Baseball owners had a real problem on their hands at the start of the 1920s. They relied on fans to fund their sport and fans weren’t interested in paying good money (a World Series ticket in 1920 was $5.50) to watch a dishonest game.

The owners pursued a radical solution for a severe problem. They created the office of Baseball Commissioner. And for their first commissioner they hired Judge Kenesaw Mountain Landis. Commissioner Landis wasted no time in banning the eight players from baseball. Even after they were aquitted, Landis refused to allow them back into baseball.

Regardless of the verdict of juries, no player who throws a ball game, no player who undertakes or promises to throw a ball game, no player who sits in confidenc with a bunch of crooked ballplayers and gamblers, where the ways and means of throwing a game are discussed and does not promptly tell his club about it, will ever play baseball again.
– Judge Kenesaw Mountain Landis
Commissioner of Baseball

The eight, were never allowed in organized play again. They tried to set up exhibition games. Landis threatened to ban any player who played with them. They tried to hold an exhibtion game every week in Chicago. The city threatened to cancel the lease of any ballpark that hosted them. They were out.

Joe Jackson has become a cult figure over the years. He was the hero in the movie Field of Dreams. It’s been suggested that since he never attended any meetings with gamblers, he wasn’t really guilty. It’s been suggested that being illiterate, perhaps he didn’t really know what was going on. He claimed he played as hard as he could in the Series.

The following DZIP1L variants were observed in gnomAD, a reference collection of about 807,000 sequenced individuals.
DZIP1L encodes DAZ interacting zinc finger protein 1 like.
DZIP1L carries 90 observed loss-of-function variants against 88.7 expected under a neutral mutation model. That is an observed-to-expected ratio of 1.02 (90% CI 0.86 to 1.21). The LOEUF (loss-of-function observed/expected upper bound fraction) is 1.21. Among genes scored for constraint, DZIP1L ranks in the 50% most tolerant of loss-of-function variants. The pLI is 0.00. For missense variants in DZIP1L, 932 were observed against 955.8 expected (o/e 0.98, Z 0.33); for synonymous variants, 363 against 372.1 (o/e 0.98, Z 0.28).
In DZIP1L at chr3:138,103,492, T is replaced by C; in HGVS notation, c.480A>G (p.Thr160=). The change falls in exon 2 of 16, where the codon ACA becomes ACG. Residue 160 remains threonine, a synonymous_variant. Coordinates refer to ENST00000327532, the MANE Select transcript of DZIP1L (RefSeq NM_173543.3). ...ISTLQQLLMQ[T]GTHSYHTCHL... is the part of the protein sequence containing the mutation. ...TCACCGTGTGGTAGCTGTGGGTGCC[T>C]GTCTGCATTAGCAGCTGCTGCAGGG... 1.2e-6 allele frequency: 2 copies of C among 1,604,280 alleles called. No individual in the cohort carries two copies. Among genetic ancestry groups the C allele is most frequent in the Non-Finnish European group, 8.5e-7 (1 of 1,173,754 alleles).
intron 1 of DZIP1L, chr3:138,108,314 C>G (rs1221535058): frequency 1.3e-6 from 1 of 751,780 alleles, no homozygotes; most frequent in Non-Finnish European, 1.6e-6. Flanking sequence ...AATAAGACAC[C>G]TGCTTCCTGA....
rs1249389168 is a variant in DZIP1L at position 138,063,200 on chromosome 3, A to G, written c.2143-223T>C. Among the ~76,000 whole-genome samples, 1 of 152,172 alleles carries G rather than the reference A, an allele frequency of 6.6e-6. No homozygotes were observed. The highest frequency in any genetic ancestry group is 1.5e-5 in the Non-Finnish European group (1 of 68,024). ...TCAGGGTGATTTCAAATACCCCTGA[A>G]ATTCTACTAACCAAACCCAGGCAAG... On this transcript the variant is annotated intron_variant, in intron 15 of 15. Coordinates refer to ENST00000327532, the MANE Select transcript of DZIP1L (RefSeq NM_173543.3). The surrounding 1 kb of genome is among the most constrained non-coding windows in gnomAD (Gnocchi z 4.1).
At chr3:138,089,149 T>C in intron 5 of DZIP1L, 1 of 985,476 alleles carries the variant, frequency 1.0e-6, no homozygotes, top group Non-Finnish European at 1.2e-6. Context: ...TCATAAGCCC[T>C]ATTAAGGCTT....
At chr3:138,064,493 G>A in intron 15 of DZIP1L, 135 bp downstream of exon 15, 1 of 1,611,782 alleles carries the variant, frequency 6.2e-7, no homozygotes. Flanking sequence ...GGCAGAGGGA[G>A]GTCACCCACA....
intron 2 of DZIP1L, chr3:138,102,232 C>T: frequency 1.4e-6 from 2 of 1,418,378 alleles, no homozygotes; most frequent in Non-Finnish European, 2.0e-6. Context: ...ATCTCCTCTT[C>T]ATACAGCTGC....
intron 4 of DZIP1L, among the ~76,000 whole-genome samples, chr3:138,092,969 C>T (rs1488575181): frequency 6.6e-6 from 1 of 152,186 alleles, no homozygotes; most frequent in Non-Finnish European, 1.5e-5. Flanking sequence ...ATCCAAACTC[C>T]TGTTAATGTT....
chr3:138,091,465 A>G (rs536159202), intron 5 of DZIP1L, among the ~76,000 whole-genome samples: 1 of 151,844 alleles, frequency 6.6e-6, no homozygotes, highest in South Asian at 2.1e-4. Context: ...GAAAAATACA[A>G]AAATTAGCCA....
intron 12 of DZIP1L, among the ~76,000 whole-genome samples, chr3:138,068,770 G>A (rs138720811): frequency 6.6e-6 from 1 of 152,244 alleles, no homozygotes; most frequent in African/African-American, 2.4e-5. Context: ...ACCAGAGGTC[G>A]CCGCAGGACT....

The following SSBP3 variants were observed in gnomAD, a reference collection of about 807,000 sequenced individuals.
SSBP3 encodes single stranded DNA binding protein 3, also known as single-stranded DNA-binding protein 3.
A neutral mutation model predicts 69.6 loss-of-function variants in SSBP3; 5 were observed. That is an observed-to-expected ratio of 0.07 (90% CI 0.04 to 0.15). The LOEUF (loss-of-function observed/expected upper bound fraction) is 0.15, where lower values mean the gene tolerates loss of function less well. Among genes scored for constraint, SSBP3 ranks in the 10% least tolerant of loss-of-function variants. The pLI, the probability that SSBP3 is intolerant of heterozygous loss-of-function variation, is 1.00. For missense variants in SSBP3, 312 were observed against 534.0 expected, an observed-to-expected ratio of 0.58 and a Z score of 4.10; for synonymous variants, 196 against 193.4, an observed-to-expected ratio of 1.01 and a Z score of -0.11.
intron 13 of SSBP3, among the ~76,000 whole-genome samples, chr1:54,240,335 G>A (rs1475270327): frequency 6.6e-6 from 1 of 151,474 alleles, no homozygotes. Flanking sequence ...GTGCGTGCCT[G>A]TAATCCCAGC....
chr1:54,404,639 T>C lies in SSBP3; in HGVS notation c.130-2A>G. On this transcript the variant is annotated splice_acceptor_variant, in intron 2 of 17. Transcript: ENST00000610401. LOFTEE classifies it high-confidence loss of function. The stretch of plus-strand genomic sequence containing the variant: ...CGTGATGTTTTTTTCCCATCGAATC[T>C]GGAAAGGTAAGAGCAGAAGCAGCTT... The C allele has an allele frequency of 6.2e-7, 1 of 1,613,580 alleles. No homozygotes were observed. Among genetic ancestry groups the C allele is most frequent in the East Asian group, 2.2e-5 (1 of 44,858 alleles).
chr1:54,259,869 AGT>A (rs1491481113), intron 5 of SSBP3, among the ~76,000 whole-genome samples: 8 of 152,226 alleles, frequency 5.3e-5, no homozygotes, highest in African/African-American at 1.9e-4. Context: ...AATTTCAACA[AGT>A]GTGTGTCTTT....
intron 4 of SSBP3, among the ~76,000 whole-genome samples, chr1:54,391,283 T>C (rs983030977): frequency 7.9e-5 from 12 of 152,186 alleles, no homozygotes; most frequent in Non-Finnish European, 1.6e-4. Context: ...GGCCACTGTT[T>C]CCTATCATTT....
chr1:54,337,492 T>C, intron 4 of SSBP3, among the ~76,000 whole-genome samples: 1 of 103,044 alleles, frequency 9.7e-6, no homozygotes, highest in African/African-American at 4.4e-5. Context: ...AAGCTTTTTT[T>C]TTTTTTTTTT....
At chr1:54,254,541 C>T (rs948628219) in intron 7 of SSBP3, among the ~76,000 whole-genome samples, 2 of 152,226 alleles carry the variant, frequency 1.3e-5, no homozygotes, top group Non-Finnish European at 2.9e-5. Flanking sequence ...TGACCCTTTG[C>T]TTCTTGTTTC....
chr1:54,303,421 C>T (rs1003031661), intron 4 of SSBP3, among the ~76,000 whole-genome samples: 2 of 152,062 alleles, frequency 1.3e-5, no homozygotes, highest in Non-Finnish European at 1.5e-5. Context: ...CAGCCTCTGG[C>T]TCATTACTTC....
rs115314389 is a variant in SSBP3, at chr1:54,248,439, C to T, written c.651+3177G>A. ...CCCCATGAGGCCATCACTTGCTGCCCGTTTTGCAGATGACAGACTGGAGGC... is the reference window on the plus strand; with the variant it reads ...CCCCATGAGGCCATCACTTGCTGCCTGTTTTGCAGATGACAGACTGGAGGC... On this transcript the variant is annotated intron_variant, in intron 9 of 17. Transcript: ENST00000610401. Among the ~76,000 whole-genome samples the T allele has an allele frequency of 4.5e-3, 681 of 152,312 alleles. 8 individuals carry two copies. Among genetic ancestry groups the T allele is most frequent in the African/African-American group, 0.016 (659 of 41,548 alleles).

The man accepted $5,000 at a time when the best player in the league (Ty Cobb) was paid $20,000 for the entire year. That would be like one of today’s players accepting $10,000,000, (25% of Mike Trout’s $39,000,000.) You don’t take that kind of money without understanding what it was for.

Everyone agrees that Buck Weaver never took any money and never attempted to lose a game. But, he knew about it.

Pete Rose, who played in the 1970s has more hits than anyone else in Major League Baseball history, 4,256. (Interestingly, second place is the aformentioned Ty Cobb who had 4,189.) Rose, in 1989 was accused of betting on baseball. Using the precedent set by Landis 70 years earlier, Rose was permanently banned from baseball, including being ineligable for the Hall of Fame.

To this day, none of the Black Sox has ever been reinstated and all remain ineligable for the Hall of Fame.

So, while 2019 World Series will set new records, it’s likely that in 2119, baseball will celebrate 250 years of baseball, but will still not have lived down the disgrace of the 1919 Black Sox, the worst World Series in baseball history.

Rodney M Bliss is an author, columnist and IT Consultant. His blog updates every weekday. He lives in Pleasant Grove, UT with his lovely wife, thirteen children and grandchildren.

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(c) 2019 Rodney M Bliss, all rights reserved